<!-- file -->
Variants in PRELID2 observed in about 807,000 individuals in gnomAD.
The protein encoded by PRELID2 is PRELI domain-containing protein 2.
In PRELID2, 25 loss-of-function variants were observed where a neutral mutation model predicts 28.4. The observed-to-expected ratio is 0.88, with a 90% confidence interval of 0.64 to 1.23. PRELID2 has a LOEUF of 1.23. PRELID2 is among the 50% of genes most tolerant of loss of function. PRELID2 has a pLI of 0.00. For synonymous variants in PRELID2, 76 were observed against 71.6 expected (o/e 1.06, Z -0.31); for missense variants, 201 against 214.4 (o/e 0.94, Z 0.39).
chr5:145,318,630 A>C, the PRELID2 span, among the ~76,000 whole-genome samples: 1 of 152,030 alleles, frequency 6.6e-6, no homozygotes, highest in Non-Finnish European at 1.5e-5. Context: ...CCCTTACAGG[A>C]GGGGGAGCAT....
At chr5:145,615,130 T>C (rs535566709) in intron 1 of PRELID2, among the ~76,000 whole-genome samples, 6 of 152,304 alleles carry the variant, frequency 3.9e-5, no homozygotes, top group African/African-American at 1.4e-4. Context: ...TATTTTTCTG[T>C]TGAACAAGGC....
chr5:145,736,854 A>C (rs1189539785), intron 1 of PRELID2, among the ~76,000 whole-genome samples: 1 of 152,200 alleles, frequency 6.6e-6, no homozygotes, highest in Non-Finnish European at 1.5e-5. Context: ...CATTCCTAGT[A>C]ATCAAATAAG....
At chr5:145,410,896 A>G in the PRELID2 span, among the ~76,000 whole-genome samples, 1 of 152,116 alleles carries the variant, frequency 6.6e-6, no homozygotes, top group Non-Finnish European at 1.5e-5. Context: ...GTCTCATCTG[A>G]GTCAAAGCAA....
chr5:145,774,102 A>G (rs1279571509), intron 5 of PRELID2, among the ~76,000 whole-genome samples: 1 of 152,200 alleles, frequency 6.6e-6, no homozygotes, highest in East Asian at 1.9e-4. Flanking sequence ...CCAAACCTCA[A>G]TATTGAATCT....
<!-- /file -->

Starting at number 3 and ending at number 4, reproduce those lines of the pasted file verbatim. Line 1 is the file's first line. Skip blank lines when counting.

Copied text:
In PRELID2, 25 loss-of-function variants were observed where a neutral mutation model predicts 28.4. The observed-to-expected ratio is 0.88, with a 90% confidence interval of 0.64 to 1.23. PRELID2 has a LOEUF of 1.23. PRELID2 is among the 50% of genes most tolerant of loss of function. PRELID2 has a pLI of 0.00. For synonymous variants in PRELID2, 76 were observed against 71.6 expected (o/e 1.06, Z -0.31); for missense variants, 201 against 214.4 (o/e 0.94, Z 0.39).
chr5:145,318,630 A>C, the PRELID2 span, among the ~76,000 whole-genome samples: 1 of 152,030 alleles, frequency 6.6e-6, no homozygotes, highest in Non-Finnish European at 1.5e-5. Context: ...CCCTTACAGG[A>C]GGGGGAGCAT....